hi Helen, I can suggest a couple of things to think about. The most likely is that it needs longer baking time in the oven. You could also start the bake at a higher temperature. Start at 240 and drop it back after 10 minutes to 220 and so on… None of these things are set in stone, but are the way I did them at the time I wrote the post. Also you should mke sure it cools completely before cutting as the crumb or middle of the dough needs time to set. My baking books talk about cooling being the final part of the baking process. It may be the rye that makes it a little sticky when fresh. I sometimes use wholemeal or spelt instead of rye in this loaf, it works fine too.

      Susan at Wild Yeast always used to leave her loaves in the oven for ten minutes with the door open and the oven switched off, I have done that too, it gives you a slightly firmer crust and dries the bread out further. Have you tried making the bread all in one day without the overnight prove and seeing if it gives you a better crumb? That is another thing to try as well, or experimenting with a different brand of flour maybe?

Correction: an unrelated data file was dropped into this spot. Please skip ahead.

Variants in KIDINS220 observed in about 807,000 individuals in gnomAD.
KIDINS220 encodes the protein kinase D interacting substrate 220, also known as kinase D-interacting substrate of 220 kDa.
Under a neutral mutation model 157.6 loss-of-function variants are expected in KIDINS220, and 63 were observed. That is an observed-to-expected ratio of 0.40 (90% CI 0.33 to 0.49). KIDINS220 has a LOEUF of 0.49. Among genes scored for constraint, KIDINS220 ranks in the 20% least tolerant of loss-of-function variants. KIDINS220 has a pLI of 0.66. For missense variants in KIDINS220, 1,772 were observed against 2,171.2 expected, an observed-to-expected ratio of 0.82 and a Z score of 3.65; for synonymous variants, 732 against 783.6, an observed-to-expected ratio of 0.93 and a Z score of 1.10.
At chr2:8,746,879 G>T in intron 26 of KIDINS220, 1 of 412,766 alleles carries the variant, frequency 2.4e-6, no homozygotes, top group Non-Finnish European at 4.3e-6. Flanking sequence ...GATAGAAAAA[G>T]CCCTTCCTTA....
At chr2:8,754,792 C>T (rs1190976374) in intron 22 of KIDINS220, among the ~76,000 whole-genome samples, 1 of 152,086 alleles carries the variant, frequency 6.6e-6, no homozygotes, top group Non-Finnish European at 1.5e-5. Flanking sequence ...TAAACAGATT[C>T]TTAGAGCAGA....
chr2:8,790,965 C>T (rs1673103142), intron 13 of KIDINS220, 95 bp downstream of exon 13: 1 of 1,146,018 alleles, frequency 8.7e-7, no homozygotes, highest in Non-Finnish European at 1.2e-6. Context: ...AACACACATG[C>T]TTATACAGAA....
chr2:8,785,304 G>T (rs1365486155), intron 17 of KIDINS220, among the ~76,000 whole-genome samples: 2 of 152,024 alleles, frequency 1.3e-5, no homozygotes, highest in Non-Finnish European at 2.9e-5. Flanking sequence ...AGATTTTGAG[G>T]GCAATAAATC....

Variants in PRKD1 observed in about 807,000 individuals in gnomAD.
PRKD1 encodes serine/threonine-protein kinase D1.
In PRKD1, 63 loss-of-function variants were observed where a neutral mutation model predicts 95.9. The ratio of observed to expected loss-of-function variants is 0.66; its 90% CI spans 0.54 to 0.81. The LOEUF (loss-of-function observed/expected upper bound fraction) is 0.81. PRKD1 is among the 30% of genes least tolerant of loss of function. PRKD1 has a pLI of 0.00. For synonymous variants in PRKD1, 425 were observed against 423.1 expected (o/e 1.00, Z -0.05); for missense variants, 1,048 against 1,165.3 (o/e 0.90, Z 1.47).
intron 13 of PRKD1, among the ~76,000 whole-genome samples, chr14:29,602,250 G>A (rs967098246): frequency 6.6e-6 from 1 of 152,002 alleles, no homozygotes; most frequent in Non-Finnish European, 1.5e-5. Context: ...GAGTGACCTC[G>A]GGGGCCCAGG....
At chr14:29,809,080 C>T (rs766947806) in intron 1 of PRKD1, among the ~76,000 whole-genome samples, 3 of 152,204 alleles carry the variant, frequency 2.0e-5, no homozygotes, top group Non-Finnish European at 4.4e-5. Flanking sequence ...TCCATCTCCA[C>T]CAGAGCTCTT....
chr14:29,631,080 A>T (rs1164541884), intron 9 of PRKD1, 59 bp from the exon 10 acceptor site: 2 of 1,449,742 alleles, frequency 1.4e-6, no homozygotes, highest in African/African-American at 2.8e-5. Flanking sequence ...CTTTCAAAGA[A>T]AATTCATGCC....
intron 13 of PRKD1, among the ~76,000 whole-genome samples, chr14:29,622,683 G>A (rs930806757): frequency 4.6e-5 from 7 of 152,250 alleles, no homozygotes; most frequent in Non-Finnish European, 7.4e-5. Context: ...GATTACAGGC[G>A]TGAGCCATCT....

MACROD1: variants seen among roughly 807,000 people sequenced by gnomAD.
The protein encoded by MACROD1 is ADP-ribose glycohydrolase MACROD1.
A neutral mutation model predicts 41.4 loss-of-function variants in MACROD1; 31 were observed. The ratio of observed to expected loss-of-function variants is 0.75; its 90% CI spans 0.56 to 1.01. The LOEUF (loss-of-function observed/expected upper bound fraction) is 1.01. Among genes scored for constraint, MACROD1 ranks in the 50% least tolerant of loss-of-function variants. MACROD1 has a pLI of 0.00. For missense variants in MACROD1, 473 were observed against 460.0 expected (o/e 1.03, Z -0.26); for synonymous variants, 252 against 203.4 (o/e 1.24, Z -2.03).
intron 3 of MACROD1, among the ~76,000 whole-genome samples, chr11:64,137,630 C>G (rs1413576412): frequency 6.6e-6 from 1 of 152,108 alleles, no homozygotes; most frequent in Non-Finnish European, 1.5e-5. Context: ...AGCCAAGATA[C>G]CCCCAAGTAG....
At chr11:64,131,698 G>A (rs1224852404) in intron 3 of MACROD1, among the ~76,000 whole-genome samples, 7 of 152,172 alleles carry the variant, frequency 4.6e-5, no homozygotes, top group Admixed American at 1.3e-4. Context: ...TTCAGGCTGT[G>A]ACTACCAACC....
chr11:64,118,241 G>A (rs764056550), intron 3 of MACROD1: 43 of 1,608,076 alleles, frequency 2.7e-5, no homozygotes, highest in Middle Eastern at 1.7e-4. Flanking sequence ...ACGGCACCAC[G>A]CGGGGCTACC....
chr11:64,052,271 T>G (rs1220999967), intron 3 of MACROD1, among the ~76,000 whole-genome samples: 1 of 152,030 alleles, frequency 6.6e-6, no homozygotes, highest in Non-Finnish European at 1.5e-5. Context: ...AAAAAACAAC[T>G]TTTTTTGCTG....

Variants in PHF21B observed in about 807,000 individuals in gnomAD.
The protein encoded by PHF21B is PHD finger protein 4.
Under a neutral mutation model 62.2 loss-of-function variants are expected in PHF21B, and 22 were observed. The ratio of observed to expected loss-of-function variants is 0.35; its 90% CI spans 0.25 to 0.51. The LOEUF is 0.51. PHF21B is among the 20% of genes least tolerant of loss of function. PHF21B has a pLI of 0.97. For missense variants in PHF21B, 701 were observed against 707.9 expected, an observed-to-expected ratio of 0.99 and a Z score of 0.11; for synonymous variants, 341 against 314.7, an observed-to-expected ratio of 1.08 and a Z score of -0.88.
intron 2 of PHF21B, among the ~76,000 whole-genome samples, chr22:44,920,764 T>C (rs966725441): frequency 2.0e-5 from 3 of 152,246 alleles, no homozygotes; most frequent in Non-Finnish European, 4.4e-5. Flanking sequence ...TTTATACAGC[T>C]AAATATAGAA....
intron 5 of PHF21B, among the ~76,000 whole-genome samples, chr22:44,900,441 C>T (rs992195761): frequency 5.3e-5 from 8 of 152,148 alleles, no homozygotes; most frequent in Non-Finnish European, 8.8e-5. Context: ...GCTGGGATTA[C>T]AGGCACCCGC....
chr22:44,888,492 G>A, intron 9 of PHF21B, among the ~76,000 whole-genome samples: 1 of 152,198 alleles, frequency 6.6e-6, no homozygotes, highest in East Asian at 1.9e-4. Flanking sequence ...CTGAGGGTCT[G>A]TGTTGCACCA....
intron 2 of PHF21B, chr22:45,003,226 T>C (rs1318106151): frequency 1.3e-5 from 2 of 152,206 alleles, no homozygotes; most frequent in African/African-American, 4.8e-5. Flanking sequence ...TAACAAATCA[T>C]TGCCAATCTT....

Thsnkyou for reading my blog and best wishes and Happy Baking – Zeb is back to naughty self again! Joanna

  15. Sincerely, Emily

    Sending healthy vibes to Zeb. I imagine the bag tasted great as he was chewing, but doesn’t sound like fun while it has been in him. UGH!. The cheese looks great.

    1. Joanna Post author

      He has finally stopped producing remnants and is off to be clipped and bathed today. Thanks for the vibes Emily, I wish I could send him over to you for a cuddle and a tummy rub xx

      1. Sincerely, Emily

        Yes, we did. What a unique place with all the things he collected. I really enjoyed seeing the little “house” out back where he and his wife actually like.The big house was just for his collections. And loved the gardens.